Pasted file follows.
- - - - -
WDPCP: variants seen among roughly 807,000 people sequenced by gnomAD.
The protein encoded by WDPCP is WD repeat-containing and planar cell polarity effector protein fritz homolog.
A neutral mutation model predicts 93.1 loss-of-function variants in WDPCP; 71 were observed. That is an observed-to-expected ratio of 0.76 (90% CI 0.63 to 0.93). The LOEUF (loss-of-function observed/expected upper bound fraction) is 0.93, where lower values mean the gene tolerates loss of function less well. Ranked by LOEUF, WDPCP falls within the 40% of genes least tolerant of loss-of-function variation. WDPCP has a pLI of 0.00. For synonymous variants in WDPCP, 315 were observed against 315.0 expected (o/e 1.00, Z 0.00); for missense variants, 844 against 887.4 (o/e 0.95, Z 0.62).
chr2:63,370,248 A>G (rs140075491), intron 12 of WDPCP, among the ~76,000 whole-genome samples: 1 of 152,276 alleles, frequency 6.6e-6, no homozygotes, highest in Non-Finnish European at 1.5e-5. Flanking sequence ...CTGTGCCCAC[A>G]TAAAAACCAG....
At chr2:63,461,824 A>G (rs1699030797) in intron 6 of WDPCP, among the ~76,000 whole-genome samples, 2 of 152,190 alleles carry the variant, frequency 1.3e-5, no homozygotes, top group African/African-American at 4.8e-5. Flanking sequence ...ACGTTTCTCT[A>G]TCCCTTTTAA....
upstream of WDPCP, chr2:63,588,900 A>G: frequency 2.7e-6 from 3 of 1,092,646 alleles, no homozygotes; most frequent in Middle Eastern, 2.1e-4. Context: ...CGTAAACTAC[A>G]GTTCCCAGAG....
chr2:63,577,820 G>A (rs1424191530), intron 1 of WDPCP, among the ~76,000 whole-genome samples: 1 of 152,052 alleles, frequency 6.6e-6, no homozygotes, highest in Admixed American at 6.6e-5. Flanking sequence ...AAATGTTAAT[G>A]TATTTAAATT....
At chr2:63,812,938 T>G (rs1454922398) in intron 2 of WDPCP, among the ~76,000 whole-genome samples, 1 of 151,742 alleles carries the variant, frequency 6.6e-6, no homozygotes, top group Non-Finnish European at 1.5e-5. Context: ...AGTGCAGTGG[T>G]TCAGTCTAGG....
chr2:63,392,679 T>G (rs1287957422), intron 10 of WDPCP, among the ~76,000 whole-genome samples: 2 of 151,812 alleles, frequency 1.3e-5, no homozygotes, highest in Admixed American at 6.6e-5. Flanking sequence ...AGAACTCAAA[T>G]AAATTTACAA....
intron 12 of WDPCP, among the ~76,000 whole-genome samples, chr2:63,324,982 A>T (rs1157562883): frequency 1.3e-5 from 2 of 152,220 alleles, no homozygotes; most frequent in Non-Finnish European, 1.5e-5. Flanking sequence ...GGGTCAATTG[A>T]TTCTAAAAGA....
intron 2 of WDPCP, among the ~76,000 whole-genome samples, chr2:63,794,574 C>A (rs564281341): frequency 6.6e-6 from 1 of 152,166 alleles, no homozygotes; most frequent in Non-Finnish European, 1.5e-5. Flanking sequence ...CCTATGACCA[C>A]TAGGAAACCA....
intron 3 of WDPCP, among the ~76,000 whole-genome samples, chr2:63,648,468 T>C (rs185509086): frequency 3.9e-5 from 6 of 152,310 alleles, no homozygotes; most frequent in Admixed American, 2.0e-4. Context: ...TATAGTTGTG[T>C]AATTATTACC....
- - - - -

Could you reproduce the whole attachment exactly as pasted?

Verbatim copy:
WDPCP: variants seen among roughly 807,000 people sequenced by gnomAD.
The protein encoded by WDPCP is WD repeat-containing and planar cell polarity effector protein fritz homolog.
A neutral mutation model predicts 93.1 loss-of-function variants in WDPCP; 71 were observed. That is an observed-to-expected ratio of 0.76 (90% CI 0.63 to 0.93). The LOEUF (loss-of-function observed/expected upper bound fraction) is 0.93, where lower values mean the gene tolerates loss of function less well. Ranked by LOEUF, WDPCP falls within the 40% of genes least tolerant of loss-of-function variation. WDPCP has a pLI of 0.00. For synonymous variants in WDPCP, 315 were observed against 315.0 expected (o/e 1.00, Z 0.00); for missense variants, 844 against 887.4 (o/e 0.95, Z 0.62).
chr2:63,370,248 A>G (rs140075491), intron 12 of WDPCP, among the ~76,000 whole-genome samples: 1 of 152,276 alleles, frequency 6.6e-6, no homozygotes, highest in Non-Finnish European at 1.5e-5. Flanking sequence ...CTGTGCCCAC[A>G]TAAAAACCAG....
At chr2:63,461,824 A>G (rs1699030797) in intron 6 of WDPCP, among the ~76,000 whole-genome samples, 2 of 152,190 alleles carry the variant, frequency 1.3e-5, no homozygotes, top group African/African-American at 4.8e-5. Flanking sequence ...ACGTTTCTCT[A>G]TCCCTTTTAA....
upstream of WDPCP, chr2:63,588,900 A>G: frequency 2.7e-6 from 3 of 1,092,646 alleles, no homozygotes; most frequent in Middle Eastern, 2.1e-4. Context: ...CGTAAACTAC[A>G]GTTCCCAGAG....
chr2:63,577,820 G>A (rs1424191530), intron 1 of WDPCP, among the ~76,000 whole-genome samples: 1 of 152,052 alleles, frequency 6.6e-6, no homozygotes, highest in Admixed American at 6.6e-5. Flanking sequence ...AAATGTTAAT[G>A]TATTTAAATT....
At chr2:63,812,938 T>G (rs1454922398) in intron 2 of WDPCP, among the ~76,000 whole-genome samples, 1 of 151,742 alleles carries the variant, frequency 6.6e-6, no homozygotes, top group Non-Finnish European at 1.5e-5. Context: ...AGTGCAGTGG[T>G]TCAGTCTAGG....
chr2:63,392,679 T>G (rs1287957422), intron 10 of WDPCP, among the ~76,000 whole-genome samples: 2 of 151,812 alleles, frequency 1.3e-5, no homozygotes, highest in Admixed American at 6.6e-5. Flanking sequence ...AGAACTCAAA[T>G]AAATTTACAA....
intron 12 of WDPCP, among the ~76,000 whole-genome samples, chr2:63,324,982 A>T (rs1157562883): frequency 1.3e-5 from 2 of 152,220 alleles, no homozygotes; most frequent in Non-Finnish European, 1.5e-5. Flanking sequence ...GGGTCAATTG[A>T]TTCTAAAAGA....
intron 2 of WDPCP, among the ~76,000 whole-genome samples, chr2:63,794,574 C>A (rs564281341): frequency 6.6e-6 from 1 of 152,166 alleles, no homozygotes; most frequent in Non-Finnish European, 1.5e-5. Flanking sequence ...CCTATGACCA[C>A]TAGGAAACCA....
intron 3 of WDPCP, among the ~76,000 whole-genome samples, chr2:63,648,468 T>C (rs185509086): frequency 3.9e-5 from 6 of 152,310 alleles, no homozygotes; most frequent in Admixed American, 2.0e-4. Context: ...TATAGTTGTG[T>C]AATTATTACC....